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Power Shifts

Congress and Presidential Representation

Power Shifts

Congress and Presidential Representation

That the president uniquely represents the national interest is a political truism, yet this idea has been transformational, shaping the efforts of Congress to remake the presidency and testing the adaptability of American constitutional government.

The emergence of the modern presidency in the first half of the twentieth century transformed the American government. But surprisingly, presidents were not the primary driving force of this change—Congress was. Through a series of statutes, lawmakers endorsed presidential leadership in the legislative process and augmented the chief executive’s organizational capacities.
 
But why did Congress grant presidents this power? In Power Shifts, John A. Dearborn shows that legislators acted on the idea that the president was the best representative of the national interest. Congress subordinated its own claims to stand as the nation’s primary representative institution and designed reforms that assumed the president was the superior steward of all the people. In the process, Congress recast the nation’s chief executive as its chief representative. 

As Dearborn demonstrates, the full extent to which Congress’s reforms rested on the idea of presidential representation was revealed when that notion’s validity was thrown into doubt. In the 1970s, Congress sought to restore its place in a rebalanced system, but legislators also found that their earlier success at institutional reinvention constrained their efforts to reclaim authority. Chronicling the evolving relationship between the presidency and Congress across a range of policy areas, Power Shifts exposes a fundamental dilemma in an otherwise proud tradition of constitutional adaptation.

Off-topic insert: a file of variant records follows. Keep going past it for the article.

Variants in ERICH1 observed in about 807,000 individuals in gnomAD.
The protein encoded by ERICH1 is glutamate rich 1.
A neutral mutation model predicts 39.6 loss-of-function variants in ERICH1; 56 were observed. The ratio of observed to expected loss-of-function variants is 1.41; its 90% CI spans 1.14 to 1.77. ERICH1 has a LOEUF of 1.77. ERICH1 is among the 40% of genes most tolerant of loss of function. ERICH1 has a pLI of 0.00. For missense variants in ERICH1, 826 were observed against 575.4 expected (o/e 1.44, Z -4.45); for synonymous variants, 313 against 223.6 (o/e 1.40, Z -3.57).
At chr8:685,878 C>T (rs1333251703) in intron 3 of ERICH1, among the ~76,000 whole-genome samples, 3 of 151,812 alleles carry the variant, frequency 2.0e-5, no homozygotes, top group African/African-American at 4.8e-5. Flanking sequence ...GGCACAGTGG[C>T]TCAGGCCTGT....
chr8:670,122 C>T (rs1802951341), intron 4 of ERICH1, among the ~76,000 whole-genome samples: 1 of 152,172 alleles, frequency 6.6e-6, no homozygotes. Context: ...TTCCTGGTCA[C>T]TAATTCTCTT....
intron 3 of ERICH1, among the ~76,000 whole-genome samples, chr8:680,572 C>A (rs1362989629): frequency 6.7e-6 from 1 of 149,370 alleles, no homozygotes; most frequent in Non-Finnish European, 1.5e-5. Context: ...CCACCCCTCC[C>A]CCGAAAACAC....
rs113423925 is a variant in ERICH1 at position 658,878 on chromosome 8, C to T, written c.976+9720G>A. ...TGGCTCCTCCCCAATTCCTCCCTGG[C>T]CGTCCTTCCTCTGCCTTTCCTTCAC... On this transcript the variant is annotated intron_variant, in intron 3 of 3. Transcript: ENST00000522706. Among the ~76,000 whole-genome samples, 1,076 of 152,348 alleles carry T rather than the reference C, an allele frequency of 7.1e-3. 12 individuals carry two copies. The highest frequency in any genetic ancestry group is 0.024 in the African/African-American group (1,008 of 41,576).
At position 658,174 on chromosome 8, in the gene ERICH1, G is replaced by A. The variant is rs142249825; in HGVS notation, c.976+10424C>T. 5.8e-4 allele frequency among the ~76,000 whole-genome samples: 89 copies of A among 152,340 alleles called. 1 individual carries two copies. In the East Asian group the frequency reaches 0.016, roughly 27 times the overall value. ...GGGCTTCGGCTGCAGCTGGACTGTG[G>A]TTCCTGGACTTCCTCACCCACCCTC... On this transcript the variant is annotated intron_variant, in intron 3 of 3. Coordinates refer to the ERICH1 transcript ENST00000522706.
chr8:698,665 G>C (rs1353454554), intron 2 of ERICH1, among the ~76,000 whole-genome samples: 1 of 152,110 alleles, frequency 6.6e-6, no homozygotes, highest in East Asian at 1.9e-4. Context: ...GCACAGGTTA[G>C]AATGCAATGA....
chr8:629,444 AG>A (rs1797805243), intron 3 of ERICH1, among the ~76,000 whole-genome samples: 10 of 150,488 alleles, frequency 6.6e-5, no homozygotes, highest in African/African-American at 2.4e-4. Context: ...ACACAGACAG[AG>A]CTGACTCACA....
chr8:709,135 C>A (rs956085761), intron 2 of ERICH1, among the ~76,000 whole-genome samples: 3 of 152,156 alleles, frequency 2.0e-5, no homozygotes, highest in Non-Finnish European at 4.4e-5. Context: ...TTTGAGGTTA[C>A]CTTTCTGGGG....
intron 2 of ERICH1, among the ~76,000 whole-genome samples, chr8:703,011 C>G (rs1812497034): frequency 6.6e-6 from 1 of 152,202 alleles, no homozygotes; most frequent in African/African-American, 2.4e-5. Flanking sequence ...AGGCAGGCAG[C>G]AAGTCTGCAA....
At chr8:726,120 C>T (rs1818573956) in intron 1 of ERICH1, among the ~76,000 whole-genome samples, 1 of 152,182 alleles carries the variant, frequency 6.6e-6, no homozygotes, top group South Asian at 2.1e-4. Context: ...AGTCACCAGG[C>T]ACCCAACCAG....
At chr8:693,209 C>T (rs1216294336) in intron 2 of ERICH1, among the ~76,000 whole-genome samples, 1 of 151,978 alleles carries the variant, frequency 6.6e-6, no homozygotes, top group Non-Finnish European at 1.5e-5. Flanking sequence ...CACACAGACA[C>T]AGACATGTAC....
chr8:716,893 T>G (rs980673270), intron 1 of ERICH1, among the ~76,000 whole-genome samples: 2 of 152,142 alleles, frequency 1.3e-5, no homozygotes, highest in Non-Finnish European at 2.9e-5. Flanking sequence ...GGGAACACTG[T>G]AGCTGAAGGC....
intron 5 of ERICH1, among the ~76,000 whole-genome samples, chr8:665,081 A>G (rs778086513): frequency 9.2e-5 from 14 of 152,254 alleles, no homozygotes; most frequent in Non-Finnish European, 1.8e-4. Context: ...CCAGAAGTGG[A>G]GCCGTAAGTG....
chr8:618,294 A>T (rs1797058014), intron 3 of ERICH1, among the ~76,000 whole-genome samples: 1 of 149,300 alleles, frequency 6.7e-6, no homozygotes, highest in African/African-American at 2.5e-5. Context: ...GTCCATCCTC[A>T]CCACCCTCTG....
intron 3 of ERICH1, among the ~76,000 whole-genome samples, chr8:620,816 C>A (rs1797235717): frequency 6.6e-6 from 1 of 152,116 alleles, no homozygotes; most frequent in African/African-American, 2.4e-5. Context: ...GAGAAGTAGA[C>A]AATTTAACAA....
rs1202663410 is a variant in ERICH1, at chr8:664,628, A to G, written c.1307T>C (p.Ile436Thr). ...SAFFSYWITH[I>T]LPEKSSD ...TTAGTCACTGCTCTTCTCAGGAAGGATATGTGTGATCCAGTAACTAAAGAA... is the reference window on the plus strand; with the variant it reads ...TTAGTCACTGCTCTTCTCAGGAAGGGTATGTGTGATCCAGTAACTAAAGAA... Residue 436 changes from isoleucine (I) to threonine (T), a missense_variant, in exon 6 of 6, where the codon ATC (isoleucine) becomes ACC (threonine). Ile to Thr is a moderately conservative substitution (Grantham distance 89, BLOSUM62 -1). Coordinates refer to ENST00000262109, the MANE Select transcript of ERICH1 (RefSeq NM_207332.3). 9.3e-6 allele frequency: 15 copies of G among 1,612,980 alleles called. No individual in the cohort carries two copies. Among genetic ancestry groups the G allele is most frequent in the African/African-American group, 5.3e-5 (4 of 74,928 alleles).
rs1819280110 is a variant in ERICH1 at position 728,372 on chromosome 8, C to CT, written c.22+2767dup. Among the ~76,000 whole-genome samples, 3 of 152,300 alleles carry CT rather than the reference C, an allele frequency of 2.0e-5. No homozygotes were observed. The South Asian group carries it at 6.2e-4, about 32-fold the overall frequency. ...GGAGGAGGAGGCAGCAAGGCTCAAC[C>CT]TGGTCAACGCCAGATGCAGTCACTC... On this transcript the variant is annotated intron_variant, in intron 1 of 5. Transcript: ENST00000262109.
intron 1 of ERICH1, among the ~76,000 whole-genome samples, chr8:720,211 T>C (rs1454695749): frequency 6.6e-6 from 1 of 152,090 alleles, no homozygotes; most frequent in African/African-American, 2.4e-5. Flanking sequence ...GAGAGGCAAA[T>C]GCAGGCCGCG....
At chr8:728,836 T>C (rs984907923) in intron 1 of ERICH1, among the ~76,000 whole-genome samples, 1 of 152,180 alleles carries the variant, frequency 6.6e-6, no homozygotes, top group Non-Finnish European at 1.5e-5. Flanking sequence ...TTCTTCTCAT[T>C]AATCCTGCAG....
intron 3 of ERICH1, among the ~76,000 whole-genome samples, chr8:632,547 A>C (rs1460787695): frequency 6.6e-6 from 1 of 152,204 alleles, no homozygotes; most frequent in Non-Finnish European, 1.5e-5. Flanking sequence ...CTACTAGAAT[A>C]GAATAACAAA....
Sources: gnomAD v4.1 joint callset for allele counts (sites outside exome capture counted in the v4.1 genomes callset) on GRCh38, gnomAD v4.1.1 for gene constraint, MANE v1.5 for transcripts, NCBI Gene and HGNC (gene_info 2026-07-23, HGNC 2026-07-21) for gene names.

368 pages | 1 halftone, 4 tables | 6 x 9 | © 2021

Chicago Studies in American Politics

Political Science: American Government and Politics

Reviews

“Read narrowly, Power Shifts shows how notions of ‘presidential representation’ periodically convinced members of Congress to confer new authority and responsibility upon the presidency. More deeply, though, this book interrogates the role of ideas—as distinct from interests—in shaping political debates about institutional reform. Just behind all the partisan wrangling over executive power are long-standing disagreements about the possibilities of presidential leadership. Dearborn reveals their elements and significance for all to see. This book is simply magnificent.”

William G. Howell, University of Chicago

“A book for our age and for ages to come, Power Shifts shows how America’s presidential edifice has been built and sustained by Congress’s twentieth-century wrestling with presidential representation: the metaphor of a single nation anointing a single person. Along the way, Dearborn offers a fresh narrative of the modern executive and a forceful reminder that the life of ideas in politics rests in the institutional changes that embody them.”

Daniel Carpenter,?Harvard University

Table of Contents

Preface Rethinking a Political Truism
1 Introduction: Legislating Presidential Power
2 Ideas and Political Development
Part I Institutional Choice: Creating the Institutional Presidency, 1910–49[TN1] 
3 Presidential Budgeting
4 Presidential Economic Policymaking
5 Presidential Reorganization Authority
6 Presidential National Security Authority
Part II Institutional Durability: Reconsidering the Institutional Presidency, 1970–84
7 Congressional Pushback against Presidential Budgeting
8 Congressional Pushback against Presidential Economic Policymaking
9 Congressional Pushback against Presidential Reorganization Authority
10 Congressional Pushback against Presidential National Security Authority
11 Conclusion: Ideas and the Politics of Adaptability
Acknowledgments
Notes
Index

 

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